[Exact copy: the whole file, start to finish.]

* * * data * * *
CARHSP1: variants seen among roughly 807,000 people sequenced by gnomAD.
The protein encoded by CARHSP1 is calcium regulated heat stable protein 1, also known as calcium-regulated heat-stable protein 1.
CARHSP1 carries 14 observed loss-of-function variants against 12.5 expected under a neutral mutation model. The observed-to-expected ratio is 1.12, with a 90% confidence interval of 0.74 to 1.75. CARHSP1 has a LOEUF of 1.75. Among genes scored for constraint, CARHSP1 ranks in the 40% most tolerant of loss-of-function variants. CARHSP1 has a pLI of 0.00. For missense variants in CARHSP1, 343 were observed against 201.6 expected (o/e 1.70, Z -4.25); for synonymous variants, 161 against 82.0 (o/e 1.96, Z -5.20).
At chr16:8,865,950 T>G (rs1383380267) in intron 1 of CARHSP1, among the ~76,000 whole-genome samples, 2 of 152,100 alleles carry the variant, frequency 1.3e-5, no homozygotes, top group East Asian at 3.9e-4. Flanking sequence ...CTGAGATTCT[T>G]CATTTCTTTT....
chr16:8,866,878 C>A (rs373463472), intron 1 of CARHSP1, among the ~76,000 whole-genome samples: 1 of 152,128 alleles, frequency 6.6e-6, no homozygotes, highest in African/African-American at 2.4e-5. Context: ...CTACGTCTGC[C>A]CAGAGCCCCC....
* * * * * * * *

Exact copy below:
CARHSP1: variants seen among roughly 807,000 people sequenced by gnomAD.
The protein encoded by CARHSP1 is calcium regulated heat stable protein 1, also known as calcium-regulated heat-stable protein 1.
CARHSP1 carries 14 observed loss-of-function variants against 12.5 expected under a neutral mutation model. The observed-to-expected ratio is 1.12, with a 90% confidence interval of 0.74 to 1.75. CARHSP1 has a LOEUF of 1.75. Among genes scored for constraint, CARHSP1 ranks in the 40% most tolerant of loss-of-function variants. CARHSP1 has a pLI of 0.00. For missense variants in CARHSP1, 343 were observed against 201.6 expected (o/e 1.70, Z -4.25); for synonymous variants, 161 against 82.0 (o/e 1.96, Z -5.20).
At chr16:8,865,950 T>G (rs1383380267) in intron 1 of CARHSP1, among the ~76,000 whole-genome samples, 2 of 152,100 alleles carry the variant, frequency 1.3e-5, no homozygotes, top group East Asian at 3.9e-4. Flanking sequence ...CTGAGATTCT[T>G]CATTTCTTTT....
chr16:8,866,878 C>A (rs373463472), intron 1 of CARHSP1, among the ~76,000 whole-genome samples: 1 of 152,128 alleles, frequency 6.6e-6, no homozygotes, highest in African/African-American at 2.4e-5. Context: ...CTACGTCTGC[C>A]CAGAGCCCCC....